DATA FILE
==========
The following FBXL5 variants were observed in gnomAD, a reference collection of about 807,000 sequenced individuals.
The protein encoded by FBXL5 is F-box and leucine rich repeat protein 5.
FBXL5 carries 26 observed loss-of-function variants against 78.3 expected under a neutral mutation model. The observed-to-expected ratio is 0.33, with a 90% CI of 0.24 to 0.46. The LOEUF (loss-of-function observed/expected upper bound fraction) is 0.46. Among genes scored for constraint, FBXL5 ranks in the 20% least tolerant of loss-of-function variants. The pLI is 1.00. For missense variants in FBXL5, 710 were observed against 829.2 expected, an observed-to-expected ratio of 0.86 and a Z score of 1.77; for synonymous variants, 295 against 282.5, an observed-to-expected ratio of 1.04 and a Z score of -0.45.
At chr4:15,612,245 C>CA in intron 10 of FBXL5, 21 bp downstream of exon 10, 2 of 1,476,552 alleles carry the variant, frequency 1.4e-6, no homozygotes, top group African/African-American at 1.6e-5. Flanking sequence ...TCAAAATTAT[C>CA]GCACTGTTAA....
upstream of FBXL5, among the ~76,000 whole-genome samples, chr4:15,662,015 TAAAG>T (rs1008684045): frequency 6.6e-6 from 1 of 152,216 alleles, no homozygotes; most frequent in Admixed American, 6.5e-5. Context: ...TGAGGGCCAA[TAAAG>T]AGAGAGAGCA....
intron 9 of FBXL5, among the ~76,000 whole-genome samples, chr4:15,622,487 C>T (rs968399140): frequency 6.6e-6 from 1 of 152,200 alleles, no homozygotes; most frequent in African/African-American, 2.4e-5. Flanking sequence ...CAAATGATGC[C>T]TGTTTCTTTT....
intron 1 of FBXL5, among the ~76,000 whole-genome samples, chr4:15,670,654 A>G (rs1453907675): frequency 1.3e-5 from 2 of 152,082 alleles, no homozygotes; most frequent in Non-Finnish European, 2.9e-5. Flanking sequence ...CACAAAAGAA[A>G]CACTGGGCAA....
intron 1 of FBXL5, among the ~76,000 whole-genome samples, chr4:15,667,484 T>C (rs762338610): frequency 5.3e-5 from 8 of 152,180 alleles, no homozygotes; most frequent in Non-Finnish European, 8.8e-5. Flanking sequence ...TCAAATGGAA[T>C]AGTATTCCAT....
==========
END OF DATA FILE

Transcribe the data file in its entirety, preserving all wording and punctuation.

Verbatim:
The following FBXL5 variants were observed in gnomAD, a reference collection of about 807,000 sequenced individuals.
The protein encoded by FBXL5 is F-box and leucine rich repeat protein 5.
FBXL5 carries 26 observed loss-of-function variants against 78.3 expected under a neutral mutation model. The observed-to-expected ratio is 0.33, with a 90% CI of 0.24 to 0.46. The LOEUF (loss-of-function observed/expected upper bound fraction) is 0.46. Among genes scored for constraint, FBXL5 ranks in the 20% least tolerant of loss-of-function variants. The pLI is 1.00. For missense variants in FBXL5, 710 were observed against 829.2 expected, an observed-to-expected ratio of 0.86 and a Z score of 1.77; for synonymous variants, 295 against 282.5, an observed-to-expected ratio of 1.04 and a Z score of -0.45.
At chr4:15,612,245 C>CA in intron 10 of FBXL5, 21 bp downstream of exon 10, 2 of 1,476,552 alleles carry the variant, frequency 1.4e-6, no homozygotes, top group African/African-American at 1.6e-5. Flanking sequence ...TCAAAATTAT[C>CA]GCACTGTTAA....
upstream of FBXL5, among the ~76,000 whole-genome samples, chr4:15,662,015 TAAAG>T (rs1008684045): frequency 6.6e-6 from 1 of 152,216 alleles, no homozygotes; most frequent in Admixed American, 6.5e-5. Context: ...TGAGGGCCAA[TAAAG>T]AGAGAGAGCA....
intron 9 of FBXL5, among the ~76,000 whole-genome samples, chr4:15,622,487 C>T (rs968399140): frequency 6.6e-6 from 1 of 152,200 alleles, no homozygotes; most frequent in African/African-American, 2.4e-5. Flanking sequence ...CAAATGATGC[C>T]TGTTTCTTTT....
intron 1 of FBXL5, among the ~76,000 whole-genome samples, chr4:15,670,654 A>G (rs1453907675): frequency 1.3e-5 from 2 of 152,082 alleles, no homozygotes; most frequent in Non-Finnish European, 2.9e-5. Flanking sequence ...CACAAAAGAA[A>G]CACTGGGCAA....
intron 1 of FBXL5, among the ~76,000 whole-genome samples, chr4:15,667,484 T>C (rs762338610): frequency 5.3e-5 from 8 of 152,180 alleles, no homozygotes; most frequent in Non-Finnish European, 8.8e-5. Flanking sequence ...TCAAATGGAA[T>C]AGTATTCCAT....